More than 800 secondary schools across England will be visited by health teams from Monday 1st November to offer the coronavirus vaccine to children aged 12 to 15.
Health Secretary Sajid Javid said the vaccines “will help keep children in the classroom”.
More than 600,000 children have received the vaccination since the rollout was extended last month, according to NHS England.
And 163,000 received a jab in the last week after the national booking system was opened up to eligible under-16s.
Last month, the UK’s chief medical officers recommended that children aged between 12 – 15 be offered 1 dose of a CV19 vaccine.
The goal to vaccinate pupils as most will be returning after half-term comes as cases in England remain high.
Mr Javid said: “The vaccines are safe and will help keep children in the classroom – I encourage everyone to come forward for their jab to protect themselves and the people around them.”
Children can also make an appointment via the national booking system to visit a vaccination centre in their own time.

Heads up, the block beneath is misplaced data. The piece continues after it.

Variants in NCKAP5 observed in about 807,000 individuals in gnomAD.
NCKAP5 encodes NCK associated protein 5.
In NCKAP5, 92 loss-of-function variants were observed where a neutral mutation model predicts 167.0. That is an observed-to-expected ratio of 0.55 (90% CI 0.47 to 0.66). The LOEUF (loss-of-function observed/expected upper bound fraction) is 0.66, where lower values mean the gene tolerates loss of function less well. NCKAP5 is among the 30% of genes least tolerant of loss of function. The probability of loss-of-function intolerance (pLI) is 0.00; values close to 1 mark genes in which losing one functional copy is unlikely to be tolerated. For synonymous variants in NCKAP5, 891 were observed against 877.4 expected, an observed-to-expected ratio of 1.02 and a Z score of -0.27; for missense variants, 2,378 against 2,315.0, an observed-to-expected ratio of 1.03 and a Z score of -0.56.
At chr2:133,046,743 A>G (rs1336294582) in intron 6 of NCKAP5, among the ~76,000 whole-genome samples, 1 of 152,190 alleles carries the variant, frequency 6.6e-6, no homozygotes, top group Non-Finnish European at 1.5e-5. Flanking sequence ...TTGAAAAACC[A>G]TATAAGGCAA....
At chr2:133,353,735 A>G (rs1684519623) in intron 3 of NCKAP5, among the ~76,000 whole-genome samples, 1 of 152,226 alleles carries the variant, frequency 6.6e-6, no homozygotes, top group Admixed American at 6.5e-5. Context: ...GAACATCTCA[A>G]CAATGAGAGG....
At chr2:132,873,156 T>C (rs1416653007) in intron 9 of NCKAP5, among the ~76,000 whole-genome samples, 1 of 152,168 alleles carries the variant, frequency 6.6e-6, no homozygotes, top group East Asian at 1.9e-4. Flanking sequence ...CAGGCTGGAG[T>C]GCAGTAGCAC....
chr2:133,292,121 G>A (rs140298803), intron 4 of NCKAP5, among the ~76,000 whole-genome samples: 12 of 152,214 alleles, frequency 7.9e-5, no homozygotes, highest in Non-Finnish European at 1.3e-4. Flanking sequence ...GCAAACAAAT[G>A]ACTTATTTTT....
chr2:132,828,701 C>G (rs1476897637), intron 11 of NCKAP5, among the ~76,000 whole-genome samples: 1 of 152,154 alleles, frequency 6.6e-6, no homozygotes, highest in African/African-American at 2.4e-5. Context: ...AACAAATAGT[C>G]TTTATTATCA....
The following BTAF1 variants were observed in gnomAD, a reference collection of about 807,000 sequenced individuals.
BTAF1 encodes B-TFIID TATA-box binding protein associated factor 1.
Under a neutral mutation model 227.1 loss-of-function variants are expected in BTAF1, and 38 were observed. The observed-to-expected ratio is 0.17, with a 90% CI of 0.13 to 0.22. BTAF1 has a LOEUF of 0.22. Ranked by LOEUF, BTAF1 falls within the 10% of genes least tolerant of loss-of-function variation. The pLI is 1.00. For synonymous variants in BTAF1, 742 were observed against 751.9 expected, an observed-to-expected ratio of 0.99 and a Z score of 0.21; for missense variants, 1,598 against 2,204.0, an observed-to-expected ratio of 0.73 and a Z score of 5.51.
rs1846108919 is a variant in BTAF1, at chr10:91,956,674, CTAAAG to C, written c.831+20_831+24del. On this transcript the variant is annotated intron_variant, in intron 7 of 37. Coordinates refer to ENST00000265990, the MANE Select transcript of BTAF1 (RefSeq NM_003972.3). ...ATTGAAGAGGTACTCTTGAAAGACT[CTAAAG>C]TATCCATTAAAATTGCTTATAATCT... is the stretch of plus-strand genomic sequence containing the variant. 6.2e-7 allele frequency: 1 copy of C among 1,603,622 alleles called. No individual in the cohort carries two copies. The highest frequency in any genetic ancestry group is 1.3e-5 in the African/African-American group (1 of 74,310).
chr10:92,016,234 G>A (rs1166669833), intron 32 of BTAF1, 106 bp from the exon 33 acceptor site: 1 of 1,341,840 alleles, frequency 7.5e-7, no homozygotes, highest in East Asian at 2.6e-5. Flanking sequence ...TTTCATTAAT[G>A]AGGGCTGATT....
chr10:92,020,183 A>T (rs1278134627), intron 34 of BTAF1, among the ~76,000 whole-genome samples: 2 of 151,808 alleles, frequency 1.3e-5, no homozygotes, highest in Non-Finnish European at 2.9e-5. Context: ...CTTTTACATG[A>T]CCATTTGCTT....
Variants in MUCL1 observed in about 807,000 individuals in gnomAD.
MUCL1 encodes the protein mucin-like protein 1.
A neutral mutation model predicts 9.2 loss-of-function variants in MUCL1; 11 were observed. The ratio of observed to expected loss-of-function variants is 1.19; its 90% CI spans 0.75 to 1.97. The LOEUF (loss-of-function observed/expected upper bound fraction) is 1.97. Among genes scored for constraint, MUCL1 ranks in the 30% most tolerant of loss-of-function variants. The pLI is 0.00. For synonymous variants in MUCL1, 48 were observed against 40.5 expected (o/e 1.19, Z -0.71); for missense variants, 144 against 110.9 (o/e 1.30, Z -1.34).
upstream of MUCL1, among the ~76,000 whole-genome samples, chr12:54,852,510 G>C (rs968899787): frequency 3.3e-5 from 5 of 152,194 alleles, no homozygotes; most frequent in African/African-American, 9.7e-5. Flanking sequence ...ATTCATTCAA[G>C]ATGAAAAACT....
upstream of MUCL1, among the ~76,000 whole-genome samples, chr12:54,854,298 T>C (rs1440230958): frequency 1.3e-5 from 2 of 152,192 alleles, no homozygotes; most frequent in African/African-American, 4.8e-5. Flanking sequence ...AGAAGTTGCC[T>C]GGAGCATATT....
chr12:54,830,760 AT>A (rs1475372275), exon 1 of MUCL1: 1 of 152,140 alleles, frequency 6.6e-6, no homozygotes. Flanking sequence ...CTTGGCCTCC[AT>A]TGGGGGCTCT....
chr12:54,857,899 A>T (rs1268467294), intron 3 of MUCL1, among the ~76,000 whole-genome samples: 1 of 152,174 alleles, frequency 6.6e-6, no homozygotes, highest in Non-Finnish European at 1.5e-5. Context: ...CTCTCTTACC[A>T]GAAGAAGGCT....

140,000 children have already made appointments to book their vaccine over the next few weeks, NHS England said.
Prof Adam Finn, a paediatrician who is a member of the UK vaccine expert group the JCVI, said vaccinating teenagers would “minimise the chance of disruption to education, which is really the major harm that the pandemic has done to our children”.
But he spoke on BBC Breakfast saying it would also increase the overall levels of immunity in the population, helping to reduce the spread of the virus.
As the US Food and Drug Administration have approved the Pfizer vaccine for 5 to 11-year-olds, Prof Finn said the UK and EU are likely to follow suit.
But he said a decision on whether the vaccine would be given out to younger children would depend on whether it is necessary at that moment in the pandemic.
Dr Nikki Kanani, the deputy lead for the NHS Covid-19 vaccine programme, said efforts to vaccinate 12 to 15-year-olds “will not stop”.
Dr Kanani, who also works as a GP, added: “It’s really important that we continue with the same enthusiasm if we want to ensure children get to stay in the classroom with their fellow pupils this winter, and so I encourage all parents and guardians to head online and read the information on vaccinating your child, so you can make an informed decision.”
Pupils are also being urged to get tested for coronavirus before returning to school to reduce disruption to lessons.
Throughout the UK, 41,278 more positive cases were announced on yesterday, and the weekly average remains above 40,000 cases.
Most areas in England have more than 400 cases per 100,000 people.